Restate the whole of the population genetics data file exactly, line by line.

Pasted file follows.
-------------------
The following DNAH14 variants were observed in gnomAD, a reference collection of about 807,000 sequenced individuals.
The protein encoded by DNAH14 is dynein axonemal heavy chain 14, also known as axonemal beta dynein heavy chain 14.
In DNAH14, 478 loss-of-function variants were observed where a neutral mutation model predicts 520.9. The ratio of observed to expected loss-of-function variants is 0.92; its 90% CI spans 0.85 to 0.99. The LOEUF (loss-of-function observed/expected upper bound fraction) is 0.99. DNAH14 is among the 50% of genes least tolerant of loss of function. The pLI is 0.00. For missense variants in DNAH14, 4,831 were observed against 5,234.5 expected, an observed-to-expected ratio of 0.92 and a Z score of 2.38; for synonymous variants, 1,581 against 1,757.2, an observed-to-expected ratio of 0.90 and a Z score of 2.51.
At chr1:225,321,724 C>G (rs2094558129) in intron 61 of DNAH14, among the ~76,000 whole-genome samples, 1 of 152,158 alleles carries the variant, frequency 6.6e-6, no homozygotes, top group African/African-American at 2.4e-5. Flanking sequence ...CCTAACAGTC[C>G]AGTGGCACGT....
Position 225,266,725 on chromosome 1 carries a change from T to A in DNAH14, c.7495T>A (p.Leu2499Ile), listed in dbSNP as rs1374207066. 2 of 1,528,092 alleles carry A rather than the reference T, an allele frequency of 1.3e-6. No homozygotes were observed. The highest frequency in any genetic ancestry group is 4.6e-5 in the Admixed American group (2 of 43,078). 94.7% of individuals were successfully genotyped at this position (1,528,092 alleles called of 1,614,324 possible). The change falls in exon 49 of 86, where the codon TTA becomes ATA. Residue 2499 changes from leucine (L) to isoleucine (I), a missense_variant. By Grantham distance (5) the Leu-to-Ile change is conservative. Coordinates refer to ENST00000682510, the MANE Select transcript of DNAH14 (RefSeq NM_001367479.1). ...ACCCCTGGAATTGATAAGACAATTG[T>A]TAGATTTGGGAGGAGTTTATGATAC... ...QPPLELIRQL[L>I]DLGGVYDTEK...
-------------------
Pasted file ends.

The following DNAH14 variants were observed in gnomAD, a reference collection of about 807,000 sequenced individuals.
The protein encoded by DNAH14 is dynein axonemal heavy chain 14, also known as axonemal beta dynein heavy chain 14.
In DNAH14, 478 loss-of-function variants were observed where a neutral mutation model predicts 520.9. The ratio of observed to expected loss-of-function variants is 0.92; its 90% CI spans 0.85 to 0.99. The LOEUF (loss-of-function observed/expected upper bound fraction) is 0.99. DNAH14 is among the 50% of genes least tolerant of loss of function. The pLI is 0.00. For missense variants in DNAH14, 4,831 were observed against 5,234.5 expected, an observed-to-expected ratio of 0.92 and a Z score of 2.38; for synonymous variants, 1,581 against 1,757.2, an observed-to-expected ratio of 0.90 and a Z score of 2.51.
At chr1:225,321,724 C>G (rs2094558129) in intron 61 of DNAH14, among the ~76,000 whole-genome samples, 1 of 152,158 alleles carries the variant, frequency 6.6e-6, no homozygotes, top group African/African-American at 2.4e-5. Flanking sequence ...CCTAACAGTC[C>G]AGTGGCACGT....
Position 225,266,725 on chromosome 1 carries a change from T to A in DNAH14, c.7495T>A (p.Leu2499Ile), listed in dbSNP as rs1374207066. 2 of 1,528,092 alleles carry A rather than the reference T, an allele frequency of 1.3e-6. No homozygotes were observed. The highest frequency in any genetic ancestry group is 4.6e-5 in the Admixed American group (2 of 43,078). 94.7% of individuals were successfully genotyped at this position (1,528,092 alleles called of 1,614,324 possible). The change falls in exon 49 of 86, where the codon TTA becomes ATA. Residue 2499 changes from leucine (L) to isoleucine (I), a missense_variant. By Grantham distance (5) the Leu-to-Ile change is conservative. Coordinates refer to ENST00000682510, the MANE Select transcript of DNAH14 (RefSeq NM_001367479.1). ...ACCCCTGGAATTGATAAGACAATTG[T>A]TAGATTTGGGAGGAGTTTATGATAC... ...QPPLELIRQL[L>I]DLGGVYDTEK...